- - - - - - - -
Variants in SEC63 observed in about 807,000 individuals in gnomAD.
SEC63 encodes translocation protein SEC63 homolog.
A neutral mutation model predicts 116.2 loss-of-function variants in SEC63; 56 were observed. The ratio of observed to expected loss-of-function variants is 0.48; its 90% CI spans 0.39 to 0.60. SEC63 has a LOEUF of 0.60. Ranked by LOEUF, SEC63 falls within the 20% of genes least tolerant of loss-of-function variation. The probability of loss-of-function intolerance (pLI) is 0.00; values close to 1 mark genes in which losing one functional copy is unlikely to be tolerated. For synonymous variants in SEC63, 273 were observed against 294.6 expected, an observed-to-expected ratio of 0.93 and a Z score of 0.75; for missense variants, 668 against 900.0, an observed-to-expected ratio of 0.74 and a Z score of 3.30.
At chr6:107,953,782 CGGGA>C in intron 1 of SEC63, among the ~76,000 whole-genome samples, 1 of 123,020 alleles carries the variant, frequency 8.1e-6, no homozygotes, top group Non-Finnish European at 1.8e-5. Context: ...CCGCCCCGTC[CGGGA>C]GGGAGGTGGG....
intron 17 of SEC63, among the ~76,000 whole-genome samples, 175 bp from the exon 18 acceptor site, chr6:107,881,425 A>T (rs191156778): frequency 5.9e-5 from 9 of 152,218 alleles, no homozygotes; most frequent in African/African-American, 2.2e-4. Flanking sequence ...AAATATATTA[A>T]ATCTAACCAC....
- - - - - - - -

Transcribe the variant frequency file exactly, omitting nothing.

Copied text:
Variants in SEC63 observed in about 807,000 individuals in gnomAD.
SEC63 encodes translocation protein SEC63 homolog.
A neutral mutation model predicts 116.2 loss-of-function variants in SEC63; 56 were observed. The ratio of observed to expected loss-of-function variants is 0.48; its 90% CI spans 0.39 to 0.60. SEC63 has a LOEUF of 0.60. Ranked by LOEUF, SEC63 falls within the 20% of genes least tolerant of loss-of-function variation. The probability of loss-of-function intolerance (pLI) is 0.00; values close to 1 mark genes in which losing one functional copy is unlikely to be tolerated. For synonymous variants in SEC63, 273 were observed against 294.6 expected, an observed-to-expected ratio of 0.93 and a Z score of 0.75; for missense variants, 668 against 900.0, an observed-to-expected ratio of 0.74 and a Z score of 3.30.
At chr6:107,953,782 CGGGA>C in intron 1 of SEC63, among the ~76,000 whole-genome samples, 1 of 123,020 alleles carries the variant, frequency 8.1e-6, no homozygotes, top group Non-Finnish European at 1.8e-5. Context: ...CCGCCCCGTC[CGGGA>C]GGGAGGTGGG....
intron 17 of SEC63, among the ~76,000 whole-genome samples, 175 bp from the exon 18 acceptor site, chr6:107,881,425 A>T (rs191156778): frequency 5.9e-5 from 9 of 152,218 alleles, no homozygotes; most frequent in African/African-American, 2.2e-4. Flanking sequence ...AAATATATTA[A>T]ATCTAACCAC....